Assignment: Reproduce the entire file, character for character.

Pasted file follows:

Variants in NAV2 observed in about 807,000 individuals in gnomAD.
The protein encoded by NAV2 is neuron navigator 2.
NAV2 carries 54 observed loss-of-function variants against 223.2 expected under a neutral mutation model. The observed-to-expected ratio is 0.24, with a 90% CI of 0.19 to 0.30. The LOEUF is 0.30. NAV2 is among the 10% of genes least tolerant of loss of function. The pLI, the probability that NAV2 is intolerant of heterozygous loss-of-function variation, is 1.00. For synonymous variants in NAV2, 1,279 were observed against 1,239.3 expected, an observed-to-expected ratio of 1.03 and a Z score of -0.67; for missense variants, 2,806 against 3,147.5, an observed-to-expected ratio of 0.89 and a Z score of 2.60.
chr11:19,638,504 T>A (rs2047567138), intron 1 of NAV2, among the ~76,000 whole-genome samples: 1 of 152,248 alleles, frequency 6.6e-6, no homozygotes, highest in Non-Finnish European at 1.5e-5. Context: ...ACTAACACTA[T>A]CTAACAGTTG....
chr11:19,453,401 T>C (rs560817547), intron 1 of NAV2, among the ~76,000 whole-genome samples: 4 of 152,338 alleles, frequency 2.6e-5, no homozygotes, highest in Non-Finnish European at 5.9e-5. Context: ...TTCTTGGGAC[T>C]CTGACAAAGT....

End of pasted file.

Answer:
Variants in NAV2 observed in about 807,000 individuals in gnomAD.
The protein encoded by NAV2 is neuron navigator 2.
NAV2 carries 54 observed loss-of-function variants against 223.2 expected under a neutral mutation model. The observed-to-expected ratio is 0.24, with a 90% CI of 0.19 to 0.30. The LOEUF is 0.30. NAV2 is among the 10% of genes least tolerant of loss of function. The pLI, the probability that NAV2 is intolerant of heterozygous loss-of-function variation, is 1.00. For synonymous variants in NAV2, 1,279 were observed against 1,239.3 expected, an observed-to-expected ratio of 1.03 and a Z score of -0.67; for missense variants, 2,806 against 3,147.5, an observed-to-expected ratio of 0.89 and a Z score of 2.60.
chr11:19,638,504 T>A (rs2047567138), intron 1 of NAV2, among the ~76,000 whole-genome samples: 1 of 152,248 alleles, frequency 6.6e-6, no homozygotes, highest in Non-Finnish European at 1.5e-5. Context: ...ACTAACACTA[T>A]CTAACAGTTG....
chr11:19,453,401 T>C (rs560817547), intron 1 of NAV2, among the ~76,000 whole-genome samples: 4 of 152,338 alleles, frequency 2.6e-5, no homozygotes, highest in Non-Finnish European at 5.9e-5. Context: ...TTCTTGGGAC[T>C]CTGACAAAGT....